Heavyweight Camp supports school chess team
13.05.2003 We know that, just like the Klitschkos, world heavyweight champion Lennox Lewis is an avid chess fan. In fact Lewis actually adopted an elementary school team and donated $14,000 towards their chess training. Now the The Oakhaven Lennox Lewis Chess Team has repayed him with a first place in the USCF National Elementary Championships in Nashville. More...
Chess Boxing: the Tokyo Fight
03.05.2004 Last year Iepe the Joker won the World Chess Boxing Championship. Now Iepe (29, 1.80m, 74kg) has defended his title against a Japanese challenger, Soichiro the Cho-Yabai (22, 1.77m, 70kg) in a bout staged at the famous "Time & Style" venue in Tokyo. Pictorial report...
You thought we were making it up?
05.12.2003 "Is it April 1st?", a number of readers asked. Chess boxing? Putting players in a boxing ring for chess and boxing? The crowd screaming for blood and piece sacrifices? Our recent report described the setup, now the organisers have sent us a report and pictures to prove that they are really serious about this new discipline.
Chess boxing: Kramnik vs Klitschko?
02.12.2003 Is chess too boring for you? Those crafty Dutchies have found a way to finally resolve the impasse in the chess world. Put the players in a boxing ring, let them play for four minutes and then duke 'em up for a round with the gloves. Hmmm, Vladimir Kramnik loses badly to Vitaly Klitchko in the FIDE classical world chess boxing championship final? We are not joking.
Time Magazine on 'Brawn and brains'
02.12.2002 He's 6 foot 8 1/4" (2,00 m) and packs 245 lbs (112 kg) of pure muscle. Like his brother he is a professional boxer – and a keen chess player. Vitaly Klitschko, 31, is challenging Lennox Lewis, heavyweight champ of the World Boxing Council early next year. To a boxing match and a game of chess. Contrary to the Time Magazine report we believe that Lewis will win – the chess game, that is.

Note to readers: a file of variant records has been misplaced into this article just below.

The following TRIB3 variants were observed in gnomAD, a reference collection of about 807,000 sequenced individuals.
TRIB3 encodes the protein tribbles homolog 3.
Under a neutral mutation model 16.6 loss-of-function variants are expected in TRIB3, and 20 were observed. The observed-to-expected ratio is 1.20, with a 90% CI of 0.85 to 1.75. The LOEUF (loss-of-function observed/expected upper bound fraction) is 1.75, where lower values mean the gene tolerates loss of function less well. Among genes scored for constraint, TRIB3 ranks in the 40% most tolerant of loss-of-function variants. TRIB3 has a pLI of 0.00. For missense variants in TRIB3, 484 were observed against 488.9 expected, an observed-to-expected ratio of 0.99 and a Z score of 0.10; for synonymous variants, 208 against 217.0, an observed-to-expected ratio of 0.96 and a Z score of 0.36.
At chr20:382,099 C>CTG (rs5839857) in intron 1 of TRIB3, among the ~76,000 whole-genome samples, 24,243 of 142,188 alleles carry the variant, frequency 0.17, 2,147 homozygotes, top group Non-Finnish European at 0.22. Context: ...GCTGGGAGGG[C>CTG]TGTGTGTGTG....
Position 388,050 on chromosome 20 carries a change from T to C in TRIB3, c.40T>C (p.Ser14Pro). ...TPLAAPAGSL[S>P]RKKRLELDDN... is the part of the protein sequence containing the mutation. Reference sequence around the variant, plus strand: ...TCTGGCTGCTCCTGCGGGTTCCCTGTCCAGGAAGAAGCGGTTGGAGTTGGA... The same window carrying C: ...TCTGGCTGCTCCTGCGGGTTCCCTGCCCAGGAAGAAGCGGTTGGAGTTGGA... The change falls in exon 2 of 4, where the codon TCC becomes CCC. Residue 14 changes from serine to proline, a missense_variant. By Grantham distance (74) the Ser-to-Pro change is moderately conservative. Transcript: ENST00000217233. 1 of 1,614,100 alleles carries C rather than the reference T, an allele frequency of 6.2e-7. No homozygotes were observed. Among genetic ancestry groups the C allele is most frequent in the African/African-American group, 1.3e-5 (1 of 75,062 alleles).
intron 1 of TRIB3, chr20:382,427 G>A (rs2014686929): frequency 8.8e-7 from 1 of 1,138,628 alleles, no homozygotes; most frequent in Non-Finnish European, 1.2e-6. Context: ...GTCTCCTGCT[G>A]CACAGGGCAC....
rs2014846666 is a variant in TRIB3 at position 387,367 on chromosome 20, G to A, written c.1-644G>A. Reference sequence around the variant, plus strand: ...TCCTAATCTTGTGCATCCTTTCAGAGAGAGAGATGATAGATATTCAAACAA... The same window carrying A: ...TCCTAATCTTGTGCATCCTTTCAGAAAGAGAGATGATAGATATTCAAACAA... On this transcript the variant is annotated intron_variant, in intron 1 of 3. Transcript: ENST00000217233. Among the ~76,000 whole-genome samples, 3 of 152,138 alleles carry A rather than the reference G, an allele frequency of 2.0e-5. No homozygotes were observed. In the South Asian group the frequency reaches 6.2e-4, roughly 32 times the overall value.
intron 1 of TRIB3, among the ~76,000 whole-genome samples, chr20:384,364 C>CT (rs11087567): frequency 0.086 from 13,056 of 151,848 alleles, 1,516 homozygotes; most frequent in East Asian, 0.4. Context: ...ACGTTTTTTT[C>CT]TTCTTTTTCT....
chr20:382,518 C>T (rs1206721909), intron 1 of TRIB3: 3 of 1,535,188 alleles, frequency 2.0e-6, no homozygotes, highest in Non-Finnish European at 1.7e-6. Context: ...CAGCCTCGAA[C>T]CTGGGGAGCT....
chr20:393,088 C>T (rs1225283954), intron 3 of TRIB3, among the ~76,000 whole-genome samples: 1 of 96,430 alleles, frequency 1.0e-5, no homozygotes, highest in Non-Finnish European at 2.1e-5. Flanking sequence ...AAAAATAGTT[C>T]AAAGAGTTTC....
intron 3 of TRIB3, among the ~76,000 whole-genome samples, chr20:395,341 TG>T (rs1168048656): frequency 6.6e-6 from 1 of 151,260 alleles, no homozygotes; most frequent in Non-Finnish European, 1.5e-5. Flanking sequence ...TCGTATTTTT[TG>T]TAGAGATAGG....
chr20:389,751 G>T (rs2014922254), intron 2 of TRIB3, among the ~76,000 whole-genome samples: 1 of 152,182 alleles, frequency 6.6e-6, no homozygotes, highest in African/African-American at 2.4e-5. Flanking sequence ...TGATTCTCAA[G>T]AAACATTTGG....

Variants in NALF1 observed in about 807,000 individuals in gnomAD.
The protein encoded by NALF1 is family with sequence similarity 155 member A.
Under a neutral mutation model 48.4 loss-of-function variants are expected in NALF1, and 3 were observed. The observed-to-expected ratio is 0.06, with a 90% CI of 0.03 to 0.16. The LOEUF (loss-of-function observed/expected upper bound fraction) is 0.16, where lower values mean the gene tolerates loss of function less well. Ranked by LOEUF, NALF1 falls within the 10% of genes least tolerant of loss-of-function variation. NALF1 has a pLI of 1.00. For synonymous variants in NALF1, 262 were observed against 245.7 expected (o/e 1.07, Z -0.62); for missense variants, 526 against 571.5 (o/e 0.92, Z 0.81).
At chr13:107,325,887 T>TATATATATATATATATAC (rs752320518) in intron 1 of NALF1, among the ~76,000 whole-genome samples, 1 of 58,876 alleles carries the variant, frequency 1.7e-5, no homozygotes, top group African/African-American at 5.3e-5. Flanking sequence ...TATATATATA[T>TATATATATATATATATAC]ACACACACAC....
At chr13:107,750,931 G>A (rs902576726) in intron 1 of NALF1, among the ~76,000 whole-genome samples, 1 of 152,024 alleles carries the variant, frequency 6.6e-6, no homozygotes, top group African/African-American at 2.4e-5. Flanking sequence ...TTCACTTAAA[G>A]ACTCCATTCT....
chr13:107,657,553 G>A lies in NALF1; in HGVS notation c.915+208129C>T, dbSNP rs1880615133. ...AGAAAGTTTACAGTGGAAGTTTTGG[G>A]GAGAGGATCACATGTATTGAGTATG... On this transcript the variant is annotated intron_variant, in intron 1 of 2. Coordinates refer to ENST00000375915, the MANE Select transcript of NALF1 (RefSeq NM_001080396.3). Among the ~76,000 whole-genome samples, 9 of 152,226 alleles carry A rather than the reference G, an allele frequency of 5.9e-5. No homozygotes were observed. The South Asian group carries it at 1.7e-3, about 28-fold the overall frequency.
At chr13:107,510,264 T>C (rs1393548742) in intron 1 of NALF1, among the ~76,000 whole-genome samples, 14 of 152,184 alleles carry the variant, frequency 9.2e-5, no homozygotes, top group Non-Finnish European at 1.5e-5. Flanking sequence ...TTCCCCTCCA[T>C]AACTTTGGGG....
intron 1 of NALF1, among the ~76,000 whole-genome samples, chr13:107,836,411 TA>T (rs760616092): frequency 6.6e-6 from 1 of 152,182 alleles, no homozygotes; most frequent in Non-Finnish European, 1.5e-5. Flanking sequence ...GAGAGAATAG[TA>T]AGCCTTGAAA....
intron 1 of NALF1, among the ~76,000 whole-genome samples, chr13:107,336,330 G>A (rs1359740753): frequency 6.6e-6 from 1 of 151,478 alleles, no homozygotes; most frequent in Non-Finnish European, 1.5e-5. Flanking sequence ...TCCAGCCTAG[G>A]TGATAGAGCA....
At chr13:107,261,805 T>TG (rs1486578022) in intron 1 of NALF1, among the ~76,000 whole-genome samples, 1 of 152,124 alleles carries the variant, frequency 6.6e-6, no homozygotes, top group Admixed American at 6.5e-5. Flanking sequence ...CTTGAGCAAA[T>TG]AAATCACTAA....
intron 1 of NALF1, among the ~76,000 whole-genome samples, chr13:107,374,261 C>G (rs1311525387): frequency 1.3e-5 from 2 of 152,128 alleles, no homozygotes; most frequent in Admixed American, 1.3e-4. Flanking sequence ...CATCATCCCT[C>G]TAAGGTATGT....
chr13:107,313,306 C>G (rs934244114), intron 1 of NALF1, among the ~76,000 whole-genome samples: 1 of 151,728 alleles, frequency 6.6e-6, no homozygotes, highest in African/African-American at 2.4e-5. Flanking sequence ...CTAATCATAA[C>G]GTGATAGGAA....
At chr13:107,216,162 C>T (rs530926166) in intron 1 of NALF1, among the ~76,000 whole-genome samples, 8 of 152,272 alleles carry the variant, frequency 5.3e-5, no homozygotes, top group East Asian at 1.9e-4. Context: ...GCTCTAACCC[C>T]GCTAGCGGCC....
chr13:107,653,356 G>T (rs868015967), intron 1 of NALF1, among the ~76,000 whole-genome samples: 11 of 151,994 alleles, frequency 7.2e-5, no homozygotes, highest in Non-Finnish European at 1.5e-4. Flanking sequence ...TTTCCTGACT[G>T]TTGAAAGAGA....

Another chess player climbs into the ring
28.06.2002 We told you about Lennox Lewis's love of chess (see 09.06.2002 below). On Saturday another brainy boxer, Wladimir Klitschko, will fight for the WBO Heavyweight Title in Atlantic City – with Garry Kasparov watching. In a future match against Lewis, Klitschko has suggested the two should play a game of chess before the fight – with Garry Kasparov watching. More
Lennox Lewis beats Tyson with white (shorts)
09.06.2002 Last night the British heavy-weight champion Lennox Lewis masterfully defeated Mike Tyson. Lewis is not just physically awesome, he is also a cerebral human being who loves nothing more than a good game of chess. "I see him sitting there for ten minutes thinking four moves ahead before he makes one," says his baffled trainer Emmanuel Steward. A year ago Lewis took on Telegraph editor Dominic Lawson in chess. You will find a vivid description of their two-game fight here.
Squaring up to Lennox Lewis
05.02.2002 Everyone knows that Lennox Lewis is the undisputed heavyweight boxing champion of the world, but also an obsessive chessplayer. Last week Lewis might have lost the chance to defend his title against Mike Tyson (after the former champion was stripped of his licence for trying to eat Lennox's leg at a press conference), so instead he decided to accept the challenge of a Telegraph editor Dominic Lawson to a battle over the 64 squares of the chessboard. You will find a vivid description of the two-game match here.
You definitely do not want to hide this man's chess set
19.11.2001 When trainer Emmanuel Steward wants to get Lennox Lewis upset and in the right frame of mind for a big fight, he hides the Briton's chess set. This is what he did ahead of Saturday's heavyweight title fight rematch with Hasim Rahman. "I honestly don't like him playing chess,'' moaned Steward, ''I mean I see him sitting there for ten minutes thinking four moves ahead before he makes one. And he actually does the same thing in the ring – he thinks to much.'' Steward, who has worked with many world champions, has often criticized Lewis for being too cautious, for treating a fight as if it were a game of chess -- becoming too cerebral and not physical enough. More...